Ununited aconeal process of the elbow refers to a portion of bone at the back of the elbow joint which fails to fuse during development and growth.  This fragment of bone is large and causes siginificant lameness and pain in the elbow joint when it becomes detached. 

 The condition is diagnosed in young, rapidly growing, large breed dogs, with patients usually being diagnosed under 12 months of age.  A second group of patients are diagnosed later in life, should the fragment become displaced after initially being stable.  The large mobile fragment and abnormal wear of cartilage within the joint lead to the progression of debilitating osteoarthritis and ongoing joint pain.  The diagnosis of an ununited acaoneal process within the elbow is based on clinical examination and presence of a fragment seen on xrays.

Treatment choice depends, in part, on the age of the patient at the time of diagnosis.  Patients diagnosed under 12 months of age with normal appearing fragments are candidates for reattachment of the fragment using a screw, and cutting of the bone at the back of the elbow to relieve tension across the fragment. Patients older than 12 months, or those with abnormal appearing fragments, are candidates for complete removal of the fragment.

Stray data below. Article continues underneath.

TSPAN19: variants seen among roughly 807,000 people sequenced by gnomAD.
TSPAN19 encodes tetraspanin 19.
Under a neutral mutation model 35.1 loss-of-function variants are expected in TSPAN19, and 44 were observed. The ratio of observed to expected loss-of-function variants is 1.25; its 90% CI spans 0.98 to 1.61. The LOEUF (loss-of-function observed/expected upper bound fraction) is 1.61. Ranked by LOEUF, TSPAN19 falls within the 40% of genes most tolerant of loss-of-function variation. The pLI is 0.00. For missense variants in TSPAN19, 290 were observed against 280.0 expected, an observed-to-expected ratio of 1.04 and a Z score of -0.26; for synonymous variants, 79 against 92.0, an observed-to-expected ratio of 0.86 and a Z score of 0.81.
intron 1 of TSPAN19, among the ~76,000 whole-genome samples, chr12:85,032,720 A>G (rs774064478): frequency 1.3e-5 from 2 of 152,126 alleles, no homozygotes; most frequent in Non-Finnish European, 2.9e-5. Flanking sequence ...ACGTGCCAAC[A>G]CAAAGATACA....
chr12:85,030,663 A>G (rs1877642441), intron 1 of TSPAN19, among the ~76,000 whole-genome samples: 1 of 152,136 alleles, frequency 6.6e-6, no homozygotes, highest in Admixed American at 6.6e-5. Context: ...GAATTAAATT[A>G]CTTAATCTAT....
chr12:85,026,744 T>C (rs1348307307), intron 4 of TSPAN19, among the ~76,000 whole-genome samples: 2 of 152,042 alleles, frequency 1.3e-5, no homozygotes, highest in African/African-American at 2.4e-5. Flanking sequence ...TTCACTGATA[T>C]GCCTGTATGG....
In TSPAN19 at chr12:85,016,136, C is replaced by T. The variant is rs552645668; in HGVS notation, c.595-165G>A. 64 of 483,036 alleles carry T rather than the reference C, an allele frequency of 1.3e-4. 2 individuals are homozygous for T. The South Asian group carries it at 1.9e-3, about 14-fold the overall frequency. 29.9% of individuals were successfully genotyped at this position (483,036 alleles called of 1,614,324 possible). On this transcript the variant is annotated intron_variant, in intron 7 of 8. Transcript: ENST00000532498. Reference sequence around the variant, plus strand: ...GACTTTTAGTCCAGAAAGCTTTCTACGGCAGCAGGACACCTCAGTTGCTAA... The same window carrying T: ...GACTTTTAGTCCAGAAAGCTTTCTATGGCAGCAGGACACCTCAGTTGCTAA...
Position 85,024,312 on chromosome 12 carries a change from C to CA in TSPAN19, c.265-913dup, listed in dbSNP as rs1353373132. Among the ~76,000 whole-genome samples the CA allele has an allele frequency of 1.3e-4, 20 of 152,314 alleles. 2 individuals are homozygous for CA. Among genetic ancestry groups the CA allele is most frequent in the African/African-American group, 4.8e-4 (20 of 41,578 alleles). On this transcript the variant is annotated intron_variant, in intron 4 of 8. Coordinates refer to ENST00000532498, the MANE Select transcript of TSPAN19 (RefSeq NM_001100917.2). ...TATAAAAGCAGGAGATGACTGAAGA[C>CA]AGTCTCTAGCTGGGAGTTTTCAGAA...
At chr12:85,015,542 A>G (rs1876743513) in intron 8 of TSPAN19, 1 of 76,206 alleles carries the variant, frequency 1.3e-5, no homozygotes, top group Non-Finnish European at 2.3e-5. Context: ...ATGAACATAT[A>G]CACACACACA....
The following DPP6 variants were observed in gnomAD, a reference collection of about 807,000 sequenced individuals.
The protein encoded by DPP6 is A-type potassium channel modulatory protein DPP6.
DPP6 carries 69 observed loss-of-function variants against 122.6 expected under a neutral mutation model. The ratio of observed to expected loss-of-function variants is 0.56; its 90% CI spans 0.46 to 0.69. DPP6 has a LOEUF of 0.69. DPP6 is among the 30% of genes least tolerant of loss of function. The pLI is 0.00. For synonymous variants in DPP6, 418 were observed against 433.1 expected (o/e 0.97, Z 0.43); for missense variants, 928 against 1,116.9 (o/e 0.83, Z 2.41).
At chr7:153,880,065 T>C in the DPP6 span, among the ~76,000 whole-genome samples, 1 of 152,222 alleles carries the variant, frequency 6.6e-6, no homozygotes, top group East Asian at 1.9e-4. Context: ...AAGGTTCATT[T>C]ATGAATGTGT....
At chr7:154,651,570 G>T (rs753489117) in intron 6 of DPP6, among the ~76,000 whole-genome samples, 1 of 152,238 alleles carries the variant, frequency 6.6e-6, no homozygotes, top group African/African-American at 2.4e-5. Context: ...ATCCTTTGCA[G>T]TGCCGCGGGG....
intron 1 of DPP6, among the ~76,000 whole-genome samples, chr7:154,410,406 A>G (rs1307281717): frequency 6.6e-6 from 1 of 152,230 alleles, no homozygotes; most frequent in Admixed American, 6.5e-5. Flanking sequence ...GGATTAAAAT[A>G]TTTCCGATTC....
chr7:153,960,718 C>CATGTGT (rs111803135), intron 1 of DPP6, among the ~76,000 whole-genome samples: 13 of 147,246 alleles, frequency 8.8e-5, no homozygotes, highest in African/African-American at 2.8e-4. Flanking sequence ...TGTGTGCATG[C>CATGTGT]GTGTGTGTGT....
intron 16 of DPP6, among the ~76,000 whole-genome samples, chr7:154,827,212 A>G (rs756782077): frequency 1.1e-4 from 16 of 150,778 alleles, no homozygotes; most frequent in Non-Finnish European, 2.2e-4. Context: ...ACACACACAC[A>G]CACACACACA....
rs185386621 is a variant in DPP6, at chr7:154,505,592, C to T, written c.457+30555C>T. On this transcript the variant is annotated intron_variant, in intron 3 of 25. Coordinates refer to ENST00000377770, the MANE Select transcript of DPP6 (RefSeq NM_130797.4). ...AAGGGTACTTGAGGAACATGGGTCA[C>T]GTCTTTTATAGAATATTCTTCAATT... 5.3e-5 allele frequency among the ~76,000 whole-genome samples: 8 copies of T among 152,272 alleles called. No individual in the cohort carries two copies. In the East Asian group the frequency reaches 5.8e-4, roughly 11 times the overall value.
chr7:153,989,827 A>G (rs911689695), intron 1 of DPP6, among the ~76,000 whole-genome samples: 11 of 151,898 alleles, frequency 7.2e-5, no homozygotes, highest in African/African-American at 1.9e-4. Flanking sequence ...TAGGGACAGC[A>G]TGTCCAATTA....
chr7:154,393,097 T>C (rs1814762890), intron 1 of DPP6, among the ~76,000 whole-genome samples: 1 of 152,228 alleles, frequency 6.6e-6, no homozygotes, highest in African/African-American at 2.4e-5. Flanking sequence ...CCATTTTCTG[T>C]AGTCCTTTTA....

The prognosis for resolution of the lameness and return to function is reasonable, despite the progression of significant osteoarthritis, but considerably better than those patients who are left untreated.

Long-term options for the management of elbow dysplasia are based on maintenance of lean body condition, physiotherapy, joint supplementation (fish oils, glucosamine, chondroitin, pentosan polysulphate injection), joint anti-inflammatories and exercise moderation.